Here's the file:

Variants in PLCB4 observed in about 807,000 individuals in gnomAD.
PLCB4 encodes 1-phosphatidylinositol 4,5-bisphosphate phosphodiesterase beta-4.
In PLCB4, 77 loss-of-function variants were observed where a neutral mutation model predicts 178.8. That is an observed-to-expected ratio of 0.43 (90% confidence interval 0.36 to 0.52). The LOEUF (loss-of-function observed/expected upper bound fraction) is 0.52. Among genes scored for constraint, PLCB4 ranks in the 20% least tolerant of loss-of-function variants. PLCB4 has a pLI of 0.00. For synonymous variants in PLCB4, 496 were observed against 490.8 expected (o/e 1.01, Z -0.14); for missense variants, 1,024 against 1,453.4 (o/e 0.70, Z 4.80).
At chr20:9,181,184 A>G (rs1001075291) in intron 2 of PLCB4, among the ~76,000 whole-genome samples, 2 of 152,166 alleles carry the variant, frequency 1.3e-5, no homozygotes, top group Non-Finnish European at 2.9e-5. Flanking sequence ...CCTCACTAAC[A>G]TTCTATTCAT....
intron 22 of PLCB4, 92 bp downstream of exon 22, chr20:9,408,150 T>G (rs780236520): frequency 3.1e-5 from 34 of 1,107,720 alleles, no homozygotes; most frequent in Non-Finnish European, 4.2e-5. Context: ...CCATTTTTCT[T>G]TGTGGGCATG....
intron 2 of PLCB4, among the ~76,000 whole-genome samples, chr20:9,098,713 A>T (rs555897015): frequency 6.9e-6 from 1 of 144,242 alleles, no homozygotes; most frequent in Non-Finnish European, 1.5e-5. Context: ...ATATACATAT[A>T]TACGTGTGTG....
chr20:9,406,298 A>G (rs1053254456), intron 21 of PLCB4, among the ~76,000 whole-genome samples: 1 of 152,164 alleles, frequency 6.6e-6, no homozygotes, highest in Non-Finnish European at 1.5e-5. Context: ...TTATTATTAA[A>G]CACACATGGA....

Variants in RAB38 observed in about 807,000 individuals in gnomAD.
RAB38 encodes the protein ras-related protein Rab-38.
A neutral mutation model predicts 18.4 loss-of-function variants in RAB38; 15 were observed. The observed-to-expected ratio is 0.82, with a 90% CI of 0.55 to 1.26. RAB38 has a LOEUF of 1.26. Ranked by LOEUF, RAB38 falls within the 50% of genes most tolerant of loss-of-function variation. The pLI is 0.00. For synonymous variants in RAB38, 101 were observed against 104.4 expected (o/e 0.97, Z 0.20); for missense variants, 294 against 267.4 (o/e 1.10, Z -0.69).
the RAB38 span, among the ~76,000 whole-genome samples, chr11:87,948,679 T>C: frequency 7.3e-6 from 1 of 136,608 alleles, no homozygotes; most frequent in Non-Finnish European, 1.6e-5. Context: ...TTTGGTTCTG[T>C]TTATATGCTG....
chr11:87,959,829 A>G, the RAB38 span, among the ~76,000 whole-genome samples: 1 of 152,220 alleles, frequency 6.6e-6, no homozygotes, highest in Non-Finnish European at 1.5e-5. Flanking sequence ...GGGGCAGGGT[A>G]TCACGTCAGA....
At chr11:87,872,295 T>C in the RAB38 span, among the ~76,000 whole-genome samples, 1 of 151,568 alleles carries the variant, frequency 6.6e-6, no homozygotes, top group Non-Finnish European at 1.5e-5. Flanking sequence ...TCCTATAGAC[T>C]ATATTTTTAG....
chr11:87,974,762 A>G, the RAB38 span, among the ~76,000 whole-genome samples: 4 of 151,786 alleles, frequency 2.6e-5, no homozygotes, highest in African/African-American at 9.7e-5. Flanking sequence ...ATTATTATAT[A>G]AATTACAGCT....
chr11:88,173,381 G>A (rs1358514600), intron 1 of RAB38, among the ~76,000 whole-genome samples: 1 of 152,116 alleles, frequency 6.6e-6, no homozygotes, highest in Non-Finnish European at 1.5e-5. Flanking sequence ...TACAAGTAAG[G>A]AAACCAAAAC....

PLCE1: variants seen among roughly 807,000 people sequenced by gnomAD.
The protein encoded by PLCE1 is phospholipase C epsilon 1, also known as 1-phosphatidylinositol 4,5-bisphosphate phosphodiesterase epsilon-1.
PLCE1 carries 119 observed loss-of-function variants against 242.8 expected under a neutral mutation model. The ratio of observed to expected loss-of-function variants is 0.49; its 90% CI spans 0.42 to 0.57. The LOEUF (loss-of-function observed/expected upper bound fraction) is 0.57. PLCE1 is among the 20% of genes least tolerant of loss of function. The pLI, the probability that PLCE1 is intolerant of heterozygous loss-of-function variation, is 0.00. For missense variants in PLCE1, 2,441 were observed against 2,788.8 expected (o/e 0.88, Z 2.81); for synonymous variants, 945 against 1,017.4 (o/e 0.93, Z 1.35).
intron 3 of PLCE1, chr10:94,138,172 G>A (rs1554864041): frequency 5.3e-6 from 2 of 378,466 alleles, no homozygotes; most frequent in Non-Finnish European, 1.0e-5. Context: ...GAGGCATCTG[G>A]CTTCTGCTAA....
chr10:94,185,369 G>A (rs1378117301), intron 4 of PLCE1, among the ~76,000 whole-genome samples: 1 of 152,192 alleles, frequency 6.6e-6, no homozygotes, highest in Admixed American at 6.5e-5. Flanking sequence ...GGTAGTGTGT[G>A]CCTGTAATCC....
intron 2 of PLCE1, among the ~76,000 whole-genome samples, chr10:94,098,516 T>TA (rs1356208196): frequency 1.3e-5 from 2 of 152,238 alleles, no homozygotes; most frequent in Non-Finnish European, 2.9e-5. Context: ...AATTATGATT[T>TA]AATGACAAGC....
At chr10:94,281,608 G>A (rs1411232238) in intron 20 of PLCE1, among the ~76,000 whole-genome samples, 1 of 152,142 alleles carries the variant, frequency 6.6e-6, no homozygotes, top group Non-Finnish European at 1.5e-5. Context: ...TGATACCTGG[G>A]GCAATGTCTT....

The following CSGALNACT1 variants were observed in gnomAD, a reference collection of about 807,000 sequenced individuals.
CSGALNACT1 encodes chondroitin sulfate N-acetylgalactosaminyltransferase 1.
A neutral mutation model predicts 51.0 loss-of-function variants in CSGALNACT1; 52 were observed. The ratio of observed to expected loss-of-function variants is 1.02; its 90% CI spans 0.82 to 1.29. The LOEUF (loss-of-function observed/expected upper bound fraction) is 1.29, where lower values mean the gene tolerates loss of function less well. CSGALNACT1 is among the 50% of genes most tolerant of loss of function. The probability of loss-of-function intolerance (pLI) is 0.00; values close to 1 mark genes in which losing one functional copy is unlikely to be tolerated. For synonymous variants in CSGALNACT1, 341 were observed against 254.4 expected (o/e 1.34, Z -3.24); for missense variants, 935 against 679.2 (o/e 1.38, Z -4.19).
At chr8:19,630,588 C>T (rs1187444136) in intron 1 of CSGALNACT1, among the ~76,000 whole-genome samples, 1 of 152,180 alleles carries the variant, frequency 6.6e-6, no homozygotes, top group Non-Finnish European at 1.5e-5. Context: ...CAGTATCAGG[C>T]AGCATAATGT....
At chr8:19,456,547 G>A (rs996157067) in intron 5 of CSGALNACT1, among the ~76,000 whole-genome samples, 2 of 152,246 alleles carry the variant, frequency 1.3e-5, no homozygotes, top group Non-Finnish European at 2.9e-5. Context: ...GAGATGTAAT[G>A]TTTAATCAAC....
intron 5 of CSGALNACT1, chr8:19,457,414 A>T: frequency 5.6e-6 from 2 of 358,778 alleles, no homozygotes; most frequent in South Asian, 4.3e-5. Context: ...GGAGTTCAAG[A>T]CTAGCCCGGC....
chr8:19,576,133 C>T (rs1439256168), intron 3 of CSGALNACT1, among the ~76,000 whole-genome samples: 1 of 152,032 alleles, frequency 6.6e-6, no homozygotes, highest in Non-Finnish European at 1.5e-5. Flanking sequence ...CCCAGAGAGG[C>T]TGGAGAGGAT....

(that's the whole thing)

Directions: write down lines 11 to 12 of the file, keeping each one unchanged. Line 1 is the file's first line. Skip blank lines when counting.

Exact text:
the RAB38 span, among the ~76,000 whole-genome samples, chr11:87,948,679 T>C: frequency 7.3e-6 from 1 of 136,608 alleles, no homozygotes; most frequent in Non-Finnish European, 1.6e-5. Context: ...TTTGGTTCTG[T>C]TTATATGCTG....
chr11:87,959,829 A>G, the RAB38 span, among the ~76,000 whole-genome samples: 1 of 152,220 alleles, frequency 6.6e-6, no homozygotes, highest in Non-Finnish European at 1.5e-5. Flanking sequence ...GGGGCAGGGT[A>G]TCACGTCAGA....